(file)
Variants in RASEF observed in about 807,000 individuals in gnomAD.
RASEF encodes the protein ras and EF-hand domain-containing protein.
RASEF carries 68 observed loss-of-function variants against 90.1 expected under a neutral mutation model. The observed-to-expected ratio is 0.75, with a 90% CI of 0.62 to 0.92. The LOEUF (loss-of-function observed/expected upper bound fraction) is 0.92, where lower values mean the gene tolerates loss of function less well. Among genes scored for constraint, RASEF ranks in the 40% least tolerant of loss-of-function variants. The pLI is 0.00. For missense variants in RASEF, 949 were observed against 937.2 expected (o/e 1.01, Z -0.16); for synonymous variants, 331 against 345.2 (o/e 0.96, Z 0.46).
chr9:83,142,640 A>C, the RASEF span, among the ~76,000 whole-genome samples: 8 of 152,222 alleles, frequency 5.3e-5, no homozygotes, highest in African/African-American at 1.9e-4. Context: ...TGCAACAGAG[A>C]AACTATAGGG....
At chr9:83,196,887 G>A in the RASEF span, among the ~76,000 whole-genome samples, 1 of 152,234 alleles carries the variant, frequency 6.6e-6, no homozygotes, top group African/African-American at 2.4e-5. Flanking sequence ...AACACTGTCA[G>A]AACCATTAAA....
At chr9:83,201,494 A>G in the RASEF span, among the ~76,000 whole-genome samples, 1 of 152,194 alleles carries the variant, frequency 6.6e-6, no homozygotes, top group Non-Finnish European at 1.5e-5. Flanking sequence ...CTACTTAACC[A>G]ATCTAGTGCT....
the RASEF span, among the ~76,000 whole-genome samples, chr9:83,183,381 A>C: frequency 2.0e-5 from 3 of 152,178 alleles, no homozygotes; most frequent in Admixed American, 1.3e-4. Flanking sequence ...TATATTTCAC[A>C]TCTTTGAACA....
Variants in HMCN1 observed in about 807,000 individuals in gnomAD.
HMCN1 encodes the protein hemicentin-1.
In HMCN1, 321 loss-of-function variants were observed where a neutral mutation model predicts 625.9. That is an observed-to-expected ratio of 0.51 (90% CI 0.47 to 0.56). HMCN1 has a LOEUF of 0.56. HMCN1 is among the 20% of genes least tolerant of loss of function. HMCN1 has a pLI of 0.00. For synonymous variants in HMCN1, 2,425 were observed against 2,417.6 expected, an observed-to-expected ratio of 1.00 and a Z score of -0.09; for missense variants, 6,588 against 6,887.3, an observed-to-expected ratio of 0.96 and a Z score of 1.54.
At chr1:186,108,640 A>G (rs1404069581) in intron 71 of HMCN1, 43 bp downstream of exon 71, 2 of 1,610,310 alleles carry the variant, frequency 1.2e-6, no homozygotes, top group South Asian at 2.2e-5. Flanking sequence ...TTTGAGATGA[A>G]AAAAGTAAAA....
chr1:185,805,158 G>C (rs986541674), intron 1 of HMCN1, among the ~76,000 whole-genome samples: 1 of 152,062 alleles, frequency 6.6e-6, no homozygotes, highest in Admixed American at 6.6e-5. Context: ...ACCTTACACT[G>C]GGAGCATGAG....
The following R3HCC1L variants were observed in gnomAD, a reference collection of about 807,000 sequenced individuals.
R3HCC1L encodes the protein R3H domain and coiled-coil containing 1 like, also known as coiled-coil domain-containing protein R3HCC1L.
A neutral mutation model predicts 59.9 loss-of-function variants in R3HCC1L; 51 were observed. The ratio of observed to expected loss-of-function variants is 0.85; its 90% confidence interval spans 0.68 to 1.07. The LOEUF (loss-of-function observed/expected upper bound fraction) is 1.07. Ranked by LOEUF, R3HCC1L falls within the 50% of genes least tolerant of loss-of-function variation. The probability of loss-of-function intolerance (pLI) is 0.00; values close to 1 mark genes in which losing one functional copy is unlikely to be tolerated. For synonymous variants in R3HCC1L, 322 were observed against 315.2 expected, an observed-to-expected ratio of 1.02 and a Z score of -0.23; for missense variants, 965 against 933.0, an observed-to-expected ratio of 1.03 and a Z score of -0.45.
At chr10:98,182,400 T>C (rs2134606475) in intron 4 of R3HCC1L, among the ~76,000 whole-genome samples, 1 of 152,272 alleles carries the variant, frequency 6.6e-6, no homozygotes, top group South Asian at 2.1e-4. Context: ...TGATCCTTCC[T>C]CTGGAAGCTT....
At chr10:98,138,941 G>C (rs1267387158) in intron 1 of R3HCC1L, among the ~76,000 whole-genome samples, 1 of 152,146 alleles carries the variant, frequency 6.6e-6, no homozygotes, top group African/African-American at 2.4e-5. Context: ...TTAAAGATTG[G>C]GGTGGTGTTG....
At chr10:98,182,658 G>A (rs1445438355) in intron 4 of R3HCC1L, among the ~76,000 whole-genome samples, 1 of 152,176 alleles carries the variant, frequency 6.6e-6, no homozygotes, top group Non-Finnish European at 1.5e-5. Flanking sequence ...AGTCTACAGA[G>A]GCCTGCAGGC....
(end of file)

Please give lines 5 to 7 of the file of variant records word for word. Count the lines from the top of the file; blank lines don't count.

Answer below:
At chr9:83,196,887 G>A in the RASEF span, among the ~76,000 whole-genome samples, 1 of 152,234 alleles carries the variant, frequency 6.6e-6, no homozygotes, top group African/African-American at 2.4e-5. Flanking sequence ...AACACTGTCA[G>A]AACCATTAAA....
At chr9:83,201,494 A>G in the RASEF span, among the ~76,000 whole-genome samples, 1 of 152,194 alleles carries the variant, frequency 6.6e-6, no homozygotes, top group Non-Finnish European at 1.5e-5. Flanking sequence ...CTACTTAACC[A>G]ATCTAGTGCT....
the RASEF span, among the ~76,000 whole-genome samples, chr9:83,183,381 A>C: frequency 2.0e-5 from 3 of 152,178 alleles, no homozygotes; most frequent in Admixed American, 1.3e-4. Flanking sequence ...TATATTTCAC[A>C]TCTTTGAACA....